Education for Sustainable Development

How can we shape our world together, so that it becomes more sustainable? What does a good life look like, one that doesn’t come at the expense of other people and the environment?

Jochen Dallmer

A central approach of ESD is to empower people to become active themselves and consciously contribute to sustainable development. Accordingly, ESD is much about competencies. These should enable learners to develop and combine knowledge and skills.

Sustainable development is the great common goal of humankind. So far, it has only been partially achieved. Some of the good ideas and programmes are not yet sufficiently implemented, and in other areas we still have to find out how we can live together sustainably.

Education for Sustainable Development has become a central concept in the last 15 years, with the aim of spreading the topic of sustainable development in the society, but also of better engaging the society by discussing and participating. Worldwide, it’s promoted by UNESCO as an important building block for sustainable development. (1)

What ESD is all about

Education for Sustainable Development (ESD) is about making people fit to participate in sustainable development. To achieve this, people first need basic information about sustainability, the existing problems and today's global challenges. Therefore, ESD combines topics and perspectives on citizenship education, environmental education and global learning. Sustainability is about ecological, social, cultural and economic perspectives. At the same time, however, it’s important to look beyond analysis. Learning for sustainability isn’t only about identifying and understanding problems, but also about figuring out solutions: where are the starting points for making our world more sustainable? What do we need for sustainability to succeed?

A central approach of ESD is to empower people to become active themselves and consciously contribute to sustainable development. Accordingly, ESD is much about competencies. These should enable learners to develop and combine knowledge and skills. The aim is to enable them to act independently and reflectively. (2) This means that information is provided about a certain topic, but then the question is soon raised as to what more sustainable action in this area might look like: What are (alternative) possibilities for action? What are the starting points for change? Who are the central actors and what role do we play in this?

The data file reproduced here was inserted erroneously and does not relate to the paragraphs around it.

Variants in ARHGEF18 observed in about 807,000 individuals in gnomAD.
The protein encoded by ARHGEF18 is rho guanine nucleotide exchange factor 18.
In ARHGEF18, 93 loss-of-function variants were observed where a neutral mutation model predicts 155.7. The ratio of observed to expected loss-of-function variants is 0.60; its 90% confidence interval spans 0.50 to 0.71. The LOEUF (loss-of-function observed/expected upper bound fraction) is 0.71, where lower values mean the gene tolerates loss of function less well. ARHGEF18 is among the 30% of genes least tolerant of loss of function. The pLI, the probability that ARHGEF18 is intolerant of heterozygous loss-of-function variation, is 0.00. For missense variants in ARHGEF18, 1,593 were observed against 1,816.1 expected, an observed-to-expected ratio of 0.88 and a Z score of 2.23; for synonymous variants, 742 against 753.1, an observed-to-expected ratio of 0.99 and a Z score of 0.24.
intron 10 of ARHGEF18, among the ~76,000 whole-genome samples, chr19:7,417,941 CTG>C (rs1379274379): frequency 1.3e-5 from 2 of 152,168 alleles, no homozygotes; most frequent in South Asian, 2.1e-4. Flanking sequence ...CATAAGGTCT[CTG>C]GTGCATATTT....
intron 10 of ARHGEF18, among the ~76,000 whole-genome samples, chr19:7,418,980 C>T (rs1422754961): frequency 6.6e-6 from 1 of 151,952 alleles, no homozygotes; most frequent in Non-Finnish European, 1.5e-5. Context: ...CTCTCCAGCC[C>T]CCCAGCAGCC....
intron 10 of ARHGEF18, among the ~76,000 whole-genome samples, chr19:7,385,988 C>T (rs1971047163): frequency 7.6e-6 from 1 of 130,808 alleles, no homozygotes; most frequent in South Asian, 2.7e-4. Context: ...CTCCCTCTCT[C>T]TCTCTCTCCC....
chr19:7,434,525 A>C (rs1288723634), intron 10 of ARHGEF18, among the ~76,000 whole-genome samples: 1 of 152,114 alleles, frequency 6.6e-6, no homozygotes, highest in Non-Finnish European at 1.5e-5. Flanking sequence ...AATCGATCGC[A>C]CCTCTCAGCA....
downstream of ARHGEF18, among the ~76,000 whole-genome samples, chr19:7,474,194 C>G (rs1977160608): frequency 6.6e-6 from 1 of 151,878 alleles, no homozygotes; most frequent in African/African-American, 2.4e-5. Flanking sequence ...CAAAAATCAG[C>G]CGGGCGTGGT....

Education for Sustainable Development - Photo by Dario Moscato - Pexels

How ESD works

In practice, this means that ESD moved forward and away from a classical understanding of learning in the sense of classroom lessons and one-way knowledge transfer. Rather, it’s about learning together: with each other and from each other. Many ESD projects are therefore characterised by elements of non-formal learning: interactive methods, lots of practical activities, stimuli for discussion and reflection. ESD can only partially happen in a classroom. It needs contact with the outside world, for example, in cooperation with extracurricular actors and practical initiatives.

Practical elements and activities in projects that allow for one’s own participation are particularly valuable. This is the best way to learn about and practise sustainable action: Who needs to act and how, and how can we motivate ourselves and other people to act accordingly? What projects do we need to try out and develop new things? What do we need to be able to act in this way, individually and collectively?

In this context, it’s important to facilitate dialogue: there are no blanket recipes or ideal solutions for sustainability. And pointing the finger has never proven to be a pedagogically valuable tool.

To avoid sustainability being imposed from above or outside, it’s valuable to give more space to the aspect of learners' interests and motivations. This creates an attractive learning experience and contributes to a more fruitful learning experience. However, orientation towards participants and learners also helps to deal with and evaluate sustainability issues in a realistic way. Sustainability research shows that in countries like Germany there’s a relatively high level of knowledge about sustainability and many people say that they pay attention to sustainability in their actions. However, this isn’t the case when we look at real everyday actions, e.g., consumption, housing, mobility or travel. So, there’s a gap between what research calls 'environmental knowledge' and 'environmental action'. An innovative and committed ESD must address this problem and also the inherent dilemmas: why do we often find it so difficult to act sustainably?

ESD and sustainable tourism

With regard to our project topic of sustainable tourism, there are accordingly many questions to be explored and worked on together: What are common forms of travel and tourism and what effects do they have in terms of sustainability? How can and do we want to travel, what are our preferences, needs, interests? How can tourism be made sustainable? What (alternative) forms of travel are there that we’re less familiar with or aware of? How do we deal with the dilemma when on the one hand we like to jet through the world, but on the other hand we want to travel sustainably?

In line with the ESD approach of linking learning with everyday life, we will work in a practical and realistic way. We want to create sustainable travel ideas together, develop concrete plans and, preferably, share travel experiences of how the ideas have been implemented in practice. Join us, take part and contribute!

References

  1. Education for Sustainable Development (unesco.org)
  2. Startseite – BNE-Portal Kampagne (German and English)